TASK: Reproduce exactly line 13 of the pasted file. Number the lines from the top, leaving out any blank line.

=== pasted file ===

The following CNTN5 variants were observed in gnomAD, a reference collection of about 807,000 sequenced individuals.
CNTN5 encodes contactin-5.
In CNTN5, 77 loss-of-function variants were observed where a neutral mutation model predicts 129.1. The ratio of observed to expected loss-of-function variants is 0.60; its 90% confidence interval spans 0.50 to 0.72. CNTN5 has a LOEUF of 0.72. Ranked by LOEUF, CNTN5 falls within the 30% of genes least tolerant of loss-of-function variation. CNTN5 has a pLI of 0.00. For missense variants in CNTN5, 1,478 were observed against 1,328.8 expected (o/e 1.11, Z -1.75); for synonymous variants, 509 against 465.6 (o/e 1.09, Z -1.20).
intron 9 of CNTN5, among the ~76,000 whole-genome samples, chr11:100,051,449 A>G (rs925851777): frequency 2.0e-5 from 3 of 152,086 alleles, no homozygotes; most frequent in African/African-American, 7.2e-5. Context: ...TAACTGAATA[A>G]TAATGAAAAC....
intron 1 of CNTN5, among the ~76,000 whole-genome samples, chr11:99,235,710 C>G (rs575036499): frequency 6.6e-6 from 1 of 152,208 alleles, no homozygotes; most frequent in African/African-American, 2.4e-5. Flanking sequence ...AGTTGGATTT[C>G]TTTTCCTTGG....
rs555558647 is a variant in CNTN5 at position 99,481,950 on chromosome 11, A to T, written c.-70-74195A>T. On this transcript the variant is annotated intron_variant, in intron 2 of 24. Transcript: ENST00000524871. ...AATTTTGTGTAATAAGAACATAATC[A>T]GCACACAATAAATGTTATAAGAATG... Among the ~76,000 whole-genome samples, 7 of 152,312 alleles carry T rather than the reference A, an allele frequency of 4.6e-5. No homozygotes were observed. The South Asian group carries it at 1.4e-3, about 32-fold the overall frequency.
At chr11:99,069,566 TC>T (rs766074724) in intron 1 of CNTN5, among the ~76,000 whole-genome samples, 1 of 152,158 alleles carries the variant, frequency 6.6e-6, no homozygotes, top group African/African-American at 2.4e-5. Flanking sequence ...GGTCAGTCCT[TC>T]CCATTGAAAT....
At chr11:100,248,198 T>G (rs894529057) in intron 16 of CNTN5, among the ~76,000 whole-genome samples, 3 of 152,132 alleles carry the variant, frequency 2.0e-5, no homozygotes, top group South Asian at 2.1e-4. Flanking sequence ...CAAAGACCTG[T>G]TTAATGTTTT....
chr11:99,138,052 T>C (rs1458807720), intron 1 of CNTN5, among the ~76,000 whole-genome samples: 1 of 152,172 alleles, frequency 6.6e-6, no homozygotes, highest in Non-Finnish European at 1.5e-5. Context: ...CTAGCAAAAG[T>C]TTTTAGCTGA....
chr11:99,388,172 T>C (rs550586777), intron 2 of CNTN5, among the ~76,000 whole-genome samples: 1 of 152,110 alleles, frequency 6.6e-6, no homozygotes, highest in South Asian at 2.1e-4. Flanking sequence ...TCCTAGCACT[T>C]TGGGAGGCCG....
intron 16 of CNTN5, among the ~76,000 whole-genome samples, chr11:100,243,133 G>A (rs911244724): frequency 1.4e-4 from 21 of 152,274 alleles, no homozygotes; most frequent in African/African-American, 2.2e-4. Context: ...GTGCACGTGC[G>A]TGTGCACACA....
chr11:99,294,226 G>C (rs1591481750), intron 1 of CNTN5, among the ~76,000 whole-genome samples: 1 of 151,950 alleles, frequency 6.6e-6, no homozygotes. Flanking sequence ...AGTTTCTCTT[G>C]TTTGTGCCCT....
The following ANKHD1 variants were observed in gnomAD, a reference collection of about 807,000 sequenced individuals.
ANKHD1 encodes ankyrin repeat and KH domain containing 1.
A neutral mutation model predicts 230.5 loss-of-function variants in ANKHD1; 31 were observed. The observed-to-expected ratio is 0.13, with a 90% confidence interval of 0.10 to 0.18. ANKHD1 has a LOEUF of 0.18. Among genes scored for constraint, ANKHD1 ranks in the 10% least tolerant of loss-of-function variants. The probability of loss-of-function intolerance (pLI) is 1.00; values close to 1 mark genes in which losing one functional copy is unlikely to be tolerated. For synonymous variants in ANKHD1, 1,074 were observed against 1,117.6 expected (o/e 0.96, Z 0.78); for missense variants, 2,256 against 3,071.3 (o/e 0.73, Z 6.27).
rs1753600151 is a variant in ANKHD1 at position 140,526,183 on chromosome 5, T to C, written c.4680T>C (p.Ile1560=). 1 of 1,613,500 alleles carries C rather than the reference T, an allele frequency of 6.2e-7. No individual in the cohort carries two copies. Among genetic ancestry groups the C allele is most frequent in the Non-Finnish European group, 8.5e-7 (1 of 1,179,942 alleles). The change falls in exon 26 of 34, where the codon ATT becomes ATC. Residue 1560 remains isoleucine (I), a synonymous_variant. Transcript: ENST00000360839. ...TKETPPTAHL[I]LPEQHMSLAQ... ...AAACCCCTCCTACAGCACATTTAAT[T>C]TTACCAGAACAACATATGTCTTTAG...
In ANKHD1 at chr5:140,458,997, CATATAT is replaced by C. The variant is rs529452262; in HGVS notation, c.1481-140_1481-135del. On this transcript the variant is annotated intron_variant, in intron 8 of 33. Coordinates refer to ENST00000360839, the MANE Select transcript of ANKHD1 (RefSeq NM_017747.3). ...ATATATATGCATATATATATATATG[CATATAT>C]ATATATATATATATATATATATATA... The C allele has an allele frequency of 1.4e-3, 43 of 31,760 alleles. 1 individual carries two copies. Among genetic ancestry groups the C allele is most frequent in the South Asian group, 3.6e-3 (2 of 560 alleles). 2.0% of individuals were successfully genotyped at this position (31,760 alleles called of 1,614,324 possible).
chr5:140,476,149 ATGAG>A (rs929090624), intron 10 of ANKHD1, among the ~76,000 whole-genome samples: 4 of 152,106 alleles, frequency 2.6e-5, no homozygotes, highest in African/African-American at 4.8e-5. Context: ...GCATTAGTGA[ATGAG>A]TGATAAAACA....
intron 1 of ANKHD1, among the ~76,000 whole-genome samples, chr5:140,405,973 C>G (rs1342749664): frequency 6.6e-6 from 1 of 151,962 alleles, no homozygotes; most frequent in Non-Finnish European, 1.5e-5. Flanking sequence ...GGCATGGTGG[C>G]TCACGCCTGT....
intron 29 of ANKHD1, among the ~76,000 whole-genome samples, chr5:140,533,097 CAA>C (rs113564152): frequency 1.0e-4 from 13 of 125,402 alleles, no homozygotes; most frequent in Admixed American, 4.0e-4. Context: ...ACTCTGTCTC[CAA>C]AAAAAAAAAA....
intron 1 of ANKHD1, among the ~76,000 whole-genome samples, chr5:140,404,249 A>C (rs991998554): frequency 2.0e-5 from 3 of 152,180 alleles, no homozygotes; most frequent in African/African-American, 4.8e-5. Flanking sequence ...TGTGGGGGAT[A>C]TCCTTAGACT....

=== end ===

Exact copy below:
The following ANKHD1 variants were observed in gnomAD, a reference collection of about 807,000 sequenced individuals.